Nicholas & Mary Marcotte Hall
Nicholas Hall, became a resident and farmer of Lanark
County Ontario as a result of his service to the Crown. He served as a private
in the British 88th Regiment of Foot (Connaught Rangers), after enlisting in
1807, to fight in the Peninsular Wars of the Napoleonic War. He was part of the
2nd Battalion, which was raised in Ireland, and served in England, Spain and
Portugal, participating in at least three major battles. He was wounded on Sept.
27, 1810 in Portugal. Record of his enlistment includes a description of him as:
5' 2 ¾" in height, age 17 (he was actually 16, but lied about his age)
fair completed, gray eyes, brown hair, coming from Roskeen Parish in County
Laois (Queens) Ireland and occupation of labourer.
After the Napoleonic War and coinciding with the end of the War of 1812, his regiment was sent to Quebec Canada, arriving aboard the ship "Cathheart" on August 3rd 1814, where he later participated in the Battle of Plattsburg. After a brief time of service in Canada, the 88th Regiment was ordered back to England, leaving in June of 1815. Nicholas however stayed in Canada, joining the Glengarry Light Infantry Fencibles on Oct. 23, 1815. Men were recruited into the Glengarrys for the consideration of being granted land concessions in Canada upon completion of their military service. The Glengarry served in Canada primarily as a deterrent against any future incursions by U.S. military forces. He continued service with the Glengarrys until they were disbanded in Kingston, Ontario on June 24th 1816. On Nov. 2, 1816 he joined the 104th Regiment (New Brunswick Regiment) in Montreal and served until his discharge on May 5, 1817 in Montreal. We can arguably surmise that it was during his period of service with the 104th Regiment. In Montreal that he met (Marie) Mary Marcotte, whom he married Nov. 11, 1822 in Perth
It also is known that Nicholas was a bit of a scalawag. He was one of the few former soldiers who successfully petitioned for and was granted two land grants of 100 acre each. He petitioned for his original land concession for service with the Glengarry Fencibles and was granted the same Lot 11 in the 4th Concession of Bathurst, Ontario in which Lanark is located. Years later on Sept. 20, 1832 he again petitioned as a veteran of the 104th Regiment. In his petition there was a claim that he had lost his discharge by sending it forward to claim his prize money, but the petition included a "certificate of good character" authored by Lieut. Francis Cumming attesting to Nicholas' service with the 104th. On Jan. 24, 1833, Nicholas was awarded a second 100 acre concession in South Sherbrooke.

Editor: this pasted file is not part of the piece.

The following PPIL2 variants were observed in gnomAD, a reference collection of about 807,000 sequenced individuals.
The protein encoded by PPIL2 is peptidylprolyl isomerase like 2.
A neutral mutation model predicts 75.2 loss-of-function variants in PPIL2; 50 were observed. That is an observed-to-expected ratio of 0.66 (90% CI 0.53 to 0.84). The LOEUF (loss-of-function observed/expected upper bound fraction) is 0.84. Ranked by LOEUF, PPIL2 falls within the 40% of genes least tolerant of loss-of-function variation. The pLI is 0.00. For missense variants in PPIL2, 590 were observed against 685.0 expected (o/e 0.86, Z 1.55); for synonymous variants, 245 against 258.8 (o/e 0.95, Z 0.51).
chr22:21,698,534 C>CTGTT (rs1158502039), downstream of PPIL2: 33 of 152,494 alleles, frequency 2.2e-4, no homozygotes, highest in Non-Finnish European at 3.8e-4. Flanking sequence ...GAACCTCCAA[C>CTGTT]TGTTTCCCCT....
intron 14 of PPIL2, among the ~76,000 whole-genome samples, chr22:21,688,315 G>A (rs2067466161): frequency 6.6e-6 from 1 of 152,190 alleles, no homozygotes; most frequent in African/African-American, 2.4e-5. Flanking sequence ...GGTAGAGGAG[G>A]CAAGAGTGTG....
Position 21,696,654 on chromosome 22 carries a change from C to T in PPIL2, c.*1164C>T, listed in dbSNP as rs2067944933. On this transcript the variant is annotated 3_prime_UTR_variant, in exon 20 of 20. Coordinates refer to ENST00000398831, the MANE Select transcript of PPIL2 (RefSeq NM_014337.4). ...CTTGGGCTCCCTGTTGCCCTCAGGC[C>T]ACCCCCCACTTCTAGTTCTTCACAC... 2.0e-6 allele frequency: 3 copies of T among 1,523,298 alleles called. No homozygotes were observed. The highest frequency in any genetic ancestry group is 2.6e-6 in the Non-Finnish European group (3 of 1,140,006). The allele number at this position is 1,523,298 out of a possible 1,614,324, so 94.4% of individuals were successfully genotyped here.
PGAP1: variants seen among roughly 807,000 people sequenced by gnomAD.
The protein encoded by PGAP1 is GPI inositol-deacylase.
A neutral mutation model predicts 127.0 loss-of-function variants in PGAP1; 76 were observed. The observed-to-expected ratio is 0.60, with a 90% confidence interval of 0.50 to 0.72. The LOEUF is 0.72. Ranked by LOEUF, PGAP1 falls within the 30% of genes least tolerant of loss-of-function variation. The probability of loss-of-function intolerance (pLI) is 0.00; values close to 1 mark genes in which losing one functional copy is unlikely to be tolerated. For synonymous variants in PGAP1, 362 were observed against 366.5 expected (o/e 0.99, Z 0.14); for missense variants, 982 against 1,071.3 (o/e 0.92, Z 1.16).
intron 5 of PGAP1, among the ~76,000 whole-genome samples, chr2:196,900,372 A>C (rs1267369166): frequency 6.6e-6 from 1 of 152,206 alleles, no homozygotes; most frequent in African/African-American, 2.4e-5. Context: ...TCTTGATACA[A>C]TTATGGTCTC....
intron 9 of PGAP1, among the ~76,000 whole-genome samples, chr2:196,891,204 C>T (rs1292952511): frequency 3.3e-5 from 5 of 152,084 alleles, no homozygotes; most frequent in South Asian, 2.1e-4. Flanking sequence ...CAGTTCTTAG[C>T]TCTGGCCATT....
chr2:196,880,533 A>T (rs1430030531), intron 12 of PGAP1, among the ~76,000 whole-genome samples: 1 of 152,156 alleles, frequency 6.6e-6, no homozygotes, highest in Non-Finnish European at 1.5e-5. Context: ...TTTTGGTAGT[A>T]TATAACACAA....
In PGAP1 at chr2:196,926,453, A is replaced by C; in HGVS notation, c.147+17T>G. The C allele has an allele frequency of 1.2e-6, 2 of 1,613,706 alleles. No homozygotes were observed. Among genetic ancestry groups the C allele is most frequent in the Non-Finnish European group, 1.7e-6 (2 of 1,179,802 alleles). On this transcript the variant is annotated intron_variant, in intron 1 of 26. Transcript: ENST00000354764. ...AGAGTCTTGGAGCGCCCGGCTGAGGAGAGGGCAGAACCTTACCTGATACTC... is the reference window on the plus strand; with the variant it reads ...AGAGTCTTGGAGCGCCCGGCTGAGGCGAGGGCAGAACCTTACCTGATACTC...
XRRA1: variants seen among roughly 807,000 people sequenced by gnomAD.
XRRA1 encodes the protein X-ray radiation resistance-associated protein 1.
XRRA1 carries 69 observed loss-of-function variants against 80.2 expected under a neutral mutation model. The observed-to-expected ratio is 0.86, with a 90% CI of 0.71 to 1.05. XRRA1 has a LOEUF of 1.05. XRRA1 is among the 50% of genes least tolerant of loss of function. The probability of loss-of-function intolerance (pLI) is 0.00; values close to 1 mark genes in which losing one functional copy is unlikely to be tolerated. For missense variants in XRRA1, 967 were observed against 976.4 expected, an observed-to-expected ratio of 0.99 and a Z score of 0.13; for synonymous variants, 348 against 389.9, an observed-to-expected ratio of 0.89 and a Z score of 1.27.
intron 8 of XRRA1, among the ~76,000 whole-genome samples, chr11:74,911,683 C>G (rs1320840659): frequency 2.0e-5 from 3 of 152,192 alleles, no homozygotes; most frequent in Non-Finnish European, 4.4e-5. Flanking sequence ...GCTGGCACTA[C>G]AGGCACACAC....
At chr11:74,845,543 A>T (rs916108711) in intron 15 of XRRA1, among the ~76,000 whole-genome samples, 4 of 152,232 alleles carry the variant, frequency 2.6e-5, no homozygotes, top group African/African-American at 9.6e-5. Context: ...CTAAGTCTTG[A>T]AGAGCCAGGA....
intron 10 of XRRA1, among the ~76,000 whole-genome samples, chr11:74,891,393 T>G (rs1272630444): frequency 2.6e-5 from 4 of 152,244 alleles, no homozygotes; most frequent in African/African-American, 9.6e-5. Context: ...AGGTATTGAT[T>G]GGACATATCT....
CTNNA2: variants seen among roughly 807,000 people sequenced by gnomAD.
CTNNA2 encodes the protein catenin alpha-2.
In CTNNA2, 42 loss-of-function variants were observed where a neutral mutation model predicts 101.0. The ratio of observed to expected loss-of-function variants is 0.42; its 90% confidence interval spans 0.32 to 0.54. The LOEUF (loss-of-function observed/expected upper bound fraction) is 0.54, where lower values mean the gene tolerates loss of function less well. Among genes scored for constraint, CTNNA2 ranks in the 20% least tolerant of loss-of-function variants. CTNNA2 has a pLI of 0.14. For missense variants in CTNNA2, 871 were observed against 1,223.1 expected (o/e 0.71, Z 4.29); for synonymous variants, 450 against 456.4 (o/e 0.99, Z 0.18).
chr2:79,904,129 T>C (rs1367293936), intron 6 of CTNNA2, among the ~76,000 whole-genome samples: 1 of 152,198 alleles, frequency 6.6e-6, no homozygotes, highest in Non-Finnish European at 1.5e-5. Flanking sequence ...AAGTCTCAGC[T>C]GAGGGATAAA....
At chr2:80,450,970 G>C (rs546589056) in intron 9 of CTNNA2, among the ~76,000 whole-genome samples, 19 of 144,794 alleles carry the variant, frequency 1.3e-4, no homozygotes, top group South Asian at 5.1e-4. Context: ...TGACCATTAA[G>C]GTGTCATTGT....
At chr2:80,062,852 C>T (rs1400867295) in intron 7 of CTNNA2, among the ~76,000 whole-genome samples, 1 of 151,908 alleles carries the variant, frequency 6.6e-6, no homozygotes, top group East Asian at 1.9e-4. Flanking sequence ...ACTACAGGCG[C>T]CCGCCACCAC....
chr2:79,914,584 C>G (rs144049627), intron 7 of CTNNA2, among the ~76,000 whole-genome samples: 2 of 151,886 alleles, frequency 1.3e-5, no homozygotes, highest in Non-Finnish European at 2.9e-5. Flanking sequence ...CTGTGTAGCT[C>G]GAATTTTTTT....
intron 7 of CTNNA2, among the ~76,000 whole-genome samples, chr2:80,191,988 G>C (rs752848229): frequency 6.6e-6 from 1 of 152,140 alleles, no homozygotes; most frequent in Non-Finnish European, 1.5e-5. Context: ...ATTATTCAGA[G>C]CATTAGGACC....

One oddity of Nicholas and Mary’s deaths and burial’s is that Mary, a French Canadian Catholic who died July 4, 1864, is reportedly buried in the Anglican cemetery in Perth. Nicholas, who died March 3, 1872, was a member of the Church of Ireland and is buried in the Catholic cemetery in Westport, ON where he had been living with a daughter and son-in-law at the time of his death.
The Nicholas Hall children, in order of birth, were: William, Helenor, James, Nicholas and Collice.
Joe Hall - firstname.lastname@example.org Up-dated - 19 Nov 2009 Posted: 4 January, 2002.